President Barack Obama handed out the last batch of Medals of Freedom he will ever give out. Recipients included Hollywood actors such as Tom Hanks and Robert De Niro, artists such as Maya Lin, and sports stars such as Kareem Abdul-Jabbar. Perhaps most deserving of the award were two female computer pioneers, the late Admiral Grace Hopper and Margaret Hamilton.

Admiral Hopper was there at the dawn of the computer age, creating the first business data processing language known as COBOL. COBOL, for a long time, was the standard for business applications and can still be noted in quite a few legacy systems that have been running on mainframes for decades.

Hopper had invented the first compiler, which had the ability to translate computer languages from something most people could follow into the machine code that computers used to run applications. Hopper, sadly, got her Medal of Freedom posthumously.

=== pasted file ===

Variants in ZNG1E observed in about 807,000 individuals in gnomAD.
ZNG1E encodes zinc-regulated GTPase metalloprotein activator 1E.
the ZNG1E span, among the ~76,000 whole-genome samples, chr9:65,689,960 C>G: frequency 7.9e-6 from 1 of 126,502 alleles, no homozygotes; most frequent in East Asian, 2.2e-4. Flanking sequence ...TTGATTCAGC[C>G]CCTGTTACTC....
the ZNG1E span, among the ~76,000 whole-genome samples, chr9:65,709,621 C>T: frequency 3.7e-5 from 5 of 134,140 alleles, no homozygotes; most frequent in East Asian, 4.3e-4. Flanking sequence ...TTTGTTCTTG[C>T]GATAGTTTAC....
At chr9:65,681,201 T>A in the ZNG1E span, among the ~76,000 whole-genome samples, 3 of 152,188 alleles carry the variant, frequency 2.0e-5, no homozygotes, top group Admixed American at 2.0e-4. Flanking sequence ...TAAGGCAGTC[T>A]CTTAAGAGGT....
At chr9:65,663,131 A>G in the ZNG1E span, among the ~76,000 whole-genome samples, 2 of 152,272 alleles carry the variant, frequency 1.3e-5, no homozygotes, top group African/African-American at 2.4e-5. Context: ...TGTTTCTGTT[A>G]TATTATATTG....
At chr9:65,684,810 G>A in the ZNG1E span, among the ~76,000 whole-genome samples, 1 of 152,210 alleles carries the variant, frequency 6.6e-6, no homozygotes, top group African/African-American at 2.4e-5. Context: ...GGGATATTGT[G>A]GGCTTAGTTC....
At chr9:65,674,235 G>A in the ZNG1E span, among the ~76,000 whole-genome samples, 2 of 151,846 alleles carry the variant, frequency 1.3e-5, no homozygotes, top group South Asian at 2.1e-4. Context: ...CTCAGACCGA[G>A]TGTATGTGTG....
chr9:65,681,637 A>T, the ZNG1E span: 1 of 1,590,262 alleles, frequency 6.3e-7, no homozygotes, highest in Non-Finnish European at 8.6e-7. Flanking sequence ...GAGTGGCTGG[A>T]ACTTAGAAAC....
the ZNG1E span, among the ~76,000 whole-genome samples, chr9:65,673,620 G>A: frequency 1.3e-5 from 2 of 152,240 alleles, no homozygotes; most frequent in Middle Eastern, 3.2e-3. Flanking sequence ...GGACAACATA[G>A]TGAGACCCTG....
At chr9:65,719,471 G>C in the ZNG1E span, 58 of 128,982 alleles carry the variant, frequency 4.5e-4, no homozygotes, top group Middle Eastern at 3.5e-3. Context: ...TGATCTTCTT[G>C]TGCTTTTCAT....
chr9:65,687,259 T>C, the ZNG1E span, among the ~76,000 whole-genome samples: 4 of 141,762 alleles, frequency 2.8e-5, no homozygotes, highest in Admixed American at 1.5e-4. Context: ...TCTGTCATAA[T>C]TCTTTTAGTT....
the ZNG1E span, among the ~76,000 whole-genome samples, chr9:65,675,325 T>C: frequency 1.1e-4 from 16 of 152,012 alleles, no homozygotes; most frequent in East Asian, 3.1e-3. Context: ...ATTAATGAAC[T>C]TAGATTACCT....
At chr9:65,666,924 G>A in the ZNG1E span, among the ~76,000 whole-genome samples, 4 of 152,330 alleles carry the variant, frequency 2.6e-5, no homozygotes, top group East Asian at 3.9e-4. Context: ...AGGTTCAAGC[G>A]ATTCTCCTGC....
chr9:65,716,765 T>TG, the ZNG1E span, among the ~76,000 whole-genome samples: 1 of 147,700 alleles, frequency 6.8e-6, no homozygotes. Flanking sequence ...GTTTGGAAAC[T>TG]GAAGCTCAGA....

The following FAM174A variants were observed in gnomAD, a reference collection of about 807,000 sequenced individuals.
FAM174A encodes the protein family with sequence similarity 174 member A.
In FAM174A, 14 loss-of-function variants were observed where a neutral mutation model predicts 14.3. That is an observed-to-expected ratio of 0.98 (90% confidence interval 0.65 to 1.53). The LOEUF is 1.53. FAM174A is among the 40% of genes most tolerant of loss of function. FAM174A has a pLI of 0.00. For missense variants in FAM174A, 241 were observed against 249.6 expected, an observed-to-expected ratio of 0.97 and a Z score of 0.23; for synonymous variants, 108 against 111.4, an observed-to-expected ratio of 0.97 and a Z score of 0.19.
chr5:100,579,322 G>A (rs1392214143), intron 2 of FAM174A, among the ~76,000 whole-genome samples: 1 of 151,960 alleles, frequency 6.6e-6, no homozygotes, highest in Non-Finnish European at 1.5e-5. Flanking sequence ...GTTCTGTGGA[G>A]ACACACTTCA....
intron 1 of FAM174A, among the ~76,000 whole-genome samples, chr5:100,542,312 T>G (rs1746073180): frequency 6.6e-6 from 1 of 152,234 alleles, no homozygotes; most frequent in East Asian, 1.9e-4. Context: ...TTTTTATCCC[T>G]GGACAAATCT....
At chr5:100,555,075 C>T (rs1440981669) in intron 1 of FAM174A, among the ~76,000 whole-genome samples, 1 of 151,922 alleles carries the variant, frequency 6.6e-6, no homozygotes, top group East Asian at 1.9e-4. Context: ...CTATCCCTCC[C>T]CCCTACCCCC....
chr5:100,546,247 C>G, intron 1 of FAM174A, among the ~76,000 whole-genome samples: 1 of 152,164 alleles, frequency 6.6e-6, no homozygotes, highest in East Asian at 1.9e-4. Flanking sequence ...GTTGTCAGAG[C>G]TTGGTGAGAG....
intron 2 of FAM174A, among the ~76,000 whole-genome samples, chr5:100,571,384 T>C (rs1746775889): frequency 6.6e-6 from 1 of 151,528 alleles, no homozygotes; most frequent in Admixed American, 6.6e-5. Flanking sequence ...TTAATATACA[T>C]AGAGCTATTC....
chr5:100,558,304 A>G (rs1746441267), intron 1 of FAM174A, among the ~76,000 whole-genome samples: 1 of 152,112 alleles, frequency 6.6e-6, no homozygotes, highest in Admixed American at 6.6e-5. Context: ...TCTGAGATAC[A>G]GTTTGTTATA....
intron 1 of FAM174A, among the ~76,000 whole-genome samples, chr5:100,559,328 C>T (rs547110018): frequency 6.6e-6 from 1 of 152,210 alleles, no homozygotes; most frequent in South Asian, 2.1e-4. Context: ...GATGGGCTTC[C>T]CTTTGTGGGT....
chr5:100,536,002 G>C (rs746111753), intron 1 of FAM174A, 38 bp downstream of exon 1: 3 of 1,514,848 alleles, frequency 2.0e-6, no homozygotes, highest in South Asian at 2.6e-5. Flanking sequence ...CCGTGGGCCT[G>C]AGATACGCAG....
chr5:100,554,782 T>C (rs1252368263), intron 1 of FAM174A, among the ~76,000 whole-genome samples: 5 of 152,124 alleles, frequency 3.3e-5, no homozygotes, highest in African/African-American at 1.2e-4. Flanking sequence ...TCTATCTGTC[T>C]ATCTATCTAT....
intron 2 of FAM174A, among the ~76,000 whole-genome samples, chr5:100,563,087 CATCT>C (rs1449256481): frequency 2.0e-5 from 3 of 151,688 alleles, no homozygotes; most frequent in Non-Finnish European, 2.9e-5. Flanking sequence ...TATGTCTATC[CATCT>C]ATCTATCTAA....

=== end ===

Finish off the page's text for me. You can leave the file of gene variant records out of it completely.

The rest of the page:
Margaret Hamilton led the team at MIT that created the software that guided the Apollo spacecraft to the moon and the lunar lander to the moon’s surface. The early Space program was, in many ways, a meritocracy that allowed women such as her to do things that they had never been called on to do before. In Hamilton’s case that involved writing stacks of code for an in-flight computer that had less processing power than a modern pocket calculator where the astronauts had to input commands by hand.

That same computer helped to accomplish the greatest feat of engineering and exploration humankind has ever undertaken. Later she founded her own software consulting firm, having invented priority scheduling, asynchronous software, and human in the loop decision capabilities.

In many ways, Hopper and Hamilton were unsung heroes in the development of information systems that has come to dominate every aspect of life in the 21st Century.

They were both known to people who worked in IT, of course, but generally not to too many individuals in the outside world. Their winning the Medal of Freedom may go some way to correcting that fault, giving the two female computer pioneers the recognition that is their due.